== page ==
Taking two aspirins a day reduces the risk of colon cancer by more than 60% in people with a family history of the disease, a large study shows. Previous observational studies have shown that aspirin lowers the risk of developing colorectal cancer, but this is the first randomized controlled trial to find the effect.
“This is one more piece of evidence that there are some very positive effects of aspirin, and it should be considered very seriously for people who are at risk of colorectal cancer,” says Tim Bishop, one of the authors of the study and a professor of epidemiology at Leeds University in England.
Researchers from the Universities of Newcastle and Leeds in England followed almost 1,000 patients from 43 medical centers in 16 countries. The patients all had Lynch syndrome, a genetic condition that predisposes people to develop colon cancer and other types of cancer.
The patients were divided into two groups: One group took two aspirins every day, a total of 600 milligrams, for at least two years; the other group took a placebo.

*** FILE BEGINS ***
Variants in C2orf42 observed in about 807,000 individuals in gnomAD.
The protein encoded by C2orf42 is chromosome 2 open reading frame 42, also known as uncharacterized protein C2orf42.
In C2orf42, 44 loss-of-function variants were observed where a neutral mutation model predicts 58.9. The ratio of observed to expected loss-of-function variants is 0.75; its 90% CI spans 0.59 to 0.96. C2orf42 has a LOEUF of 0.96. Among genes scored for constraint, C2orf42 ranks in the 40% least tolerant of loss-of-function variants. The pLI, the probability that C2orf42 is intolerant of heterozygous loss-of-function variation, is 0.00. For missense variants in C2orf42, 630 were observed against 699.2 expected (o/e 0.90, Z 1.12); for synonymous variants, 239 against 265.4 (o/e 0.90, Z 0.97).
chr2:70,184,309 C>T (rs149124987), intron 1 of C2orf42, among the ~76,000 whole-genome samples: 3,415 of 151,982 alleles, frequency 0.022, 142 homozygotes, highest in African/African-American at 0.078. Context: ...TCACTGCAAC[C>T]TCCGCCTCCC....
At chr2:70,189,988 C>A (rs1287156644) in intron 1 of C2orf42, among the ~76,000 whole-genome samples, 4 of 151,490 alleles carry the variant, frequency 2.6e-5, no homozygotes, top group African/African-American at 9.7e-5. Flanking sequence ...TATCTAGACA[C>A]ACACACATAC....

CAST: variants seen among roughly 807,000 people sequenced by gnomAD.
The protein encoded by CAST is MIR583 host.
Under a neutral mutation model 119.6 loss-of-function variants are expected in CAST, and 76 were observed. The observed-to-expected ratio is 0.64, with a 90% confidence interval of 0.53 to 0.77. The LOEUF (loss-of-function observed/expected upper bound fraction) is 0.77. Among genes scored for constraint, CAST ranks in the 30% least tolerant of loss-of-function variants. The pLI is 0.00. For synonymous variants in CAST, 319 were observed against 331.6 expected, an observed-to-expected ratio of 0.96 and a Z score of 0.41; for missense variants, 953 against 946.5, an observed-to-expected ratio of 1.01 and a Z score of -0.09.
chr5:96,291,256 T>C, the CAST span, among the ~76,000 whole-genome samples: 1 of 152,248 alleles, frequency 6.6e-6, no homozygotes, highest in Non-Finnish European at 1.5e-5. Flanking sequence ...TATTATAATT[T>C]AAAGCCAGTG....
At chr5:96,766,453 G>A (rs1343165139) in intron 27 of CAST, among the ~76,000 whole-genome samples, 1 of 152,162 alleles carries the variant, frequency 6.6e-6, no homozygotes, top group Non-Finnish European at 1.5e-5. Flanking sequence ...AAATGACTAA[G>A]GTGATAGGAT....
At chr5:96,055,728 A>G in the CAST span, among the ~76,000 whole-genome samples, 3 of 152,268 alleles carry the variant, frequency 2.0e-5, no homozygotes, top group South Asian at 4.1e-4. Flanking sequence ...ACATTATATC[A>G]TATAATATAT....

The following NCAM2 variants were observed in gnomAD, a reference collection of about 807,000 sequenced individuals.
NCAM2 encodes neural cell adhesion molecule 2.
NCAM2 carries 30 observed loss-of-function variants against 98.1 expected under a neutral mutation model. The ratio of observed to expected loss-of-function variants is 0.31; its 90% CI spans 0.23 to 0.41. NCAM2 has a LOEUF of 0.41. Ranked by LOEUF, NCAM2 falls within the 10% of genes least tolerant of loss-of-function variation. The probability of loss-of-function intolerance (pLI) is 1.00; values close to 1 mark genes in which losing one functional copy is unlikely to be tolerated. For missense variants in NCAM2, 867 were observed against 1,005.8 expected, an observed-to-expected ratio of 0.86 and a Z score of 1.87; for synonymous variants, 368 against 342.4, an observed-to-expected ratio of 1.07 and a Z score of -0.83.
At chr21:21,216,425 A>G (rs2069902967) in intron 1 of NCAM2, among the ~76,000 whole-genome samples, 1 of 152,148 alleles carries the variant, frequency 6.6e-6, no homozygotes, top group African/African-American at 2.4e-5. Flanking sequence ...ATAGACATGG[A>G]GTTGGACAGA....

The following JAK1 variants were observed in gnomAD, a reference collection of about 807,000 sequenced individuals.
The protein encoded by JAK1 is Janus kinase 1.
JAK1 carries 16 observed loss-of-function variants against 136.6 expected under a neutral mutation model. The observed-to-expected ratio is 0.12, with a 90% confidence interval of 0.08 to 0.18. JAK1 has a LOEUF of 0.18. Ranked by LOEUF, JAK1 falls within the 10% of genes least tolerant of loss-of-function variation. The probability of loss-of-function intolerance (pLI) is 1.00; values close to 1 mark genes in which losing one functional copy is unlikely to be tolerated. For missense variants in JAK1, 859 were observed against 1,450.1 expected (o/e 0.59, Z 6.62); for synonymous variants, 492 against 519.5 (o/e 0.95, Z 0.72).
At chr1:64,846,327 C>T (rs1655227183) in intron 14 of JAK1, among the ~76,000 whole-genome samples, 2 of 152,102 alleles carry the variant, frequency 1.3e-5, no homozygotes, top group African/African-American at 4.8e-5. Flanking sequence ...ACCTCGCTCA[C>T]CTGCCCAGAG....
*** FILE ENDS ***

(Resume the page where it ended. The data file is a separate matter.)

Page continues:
Among the findings, released Thursday online in The Lancet: Patients who took aspirin for at least two years had a 63% reduced risk of developing colorectal cancer. Women taking aspirin also had a reduced risk of developing endometrial or womb cancer, Bishop says.
John Burn, lead author of the study and a professor at Newcastle University, says: “We have clear proof that aspirin prevents cancer in people at high genetic risk. We now have new questions to answer: Will low dose be as effective as two aspirins? Should all people at increased risk take aspirin?”
Bishop cautions though long term use of aspirin could lead to other problems. “There are certainly lots of benefits of taking aspirin,” Bishop says. “But people have to weigh the tradeoffs. With larger doses of aspirin comes the increase danger of ulcers and vascular bleeds.”
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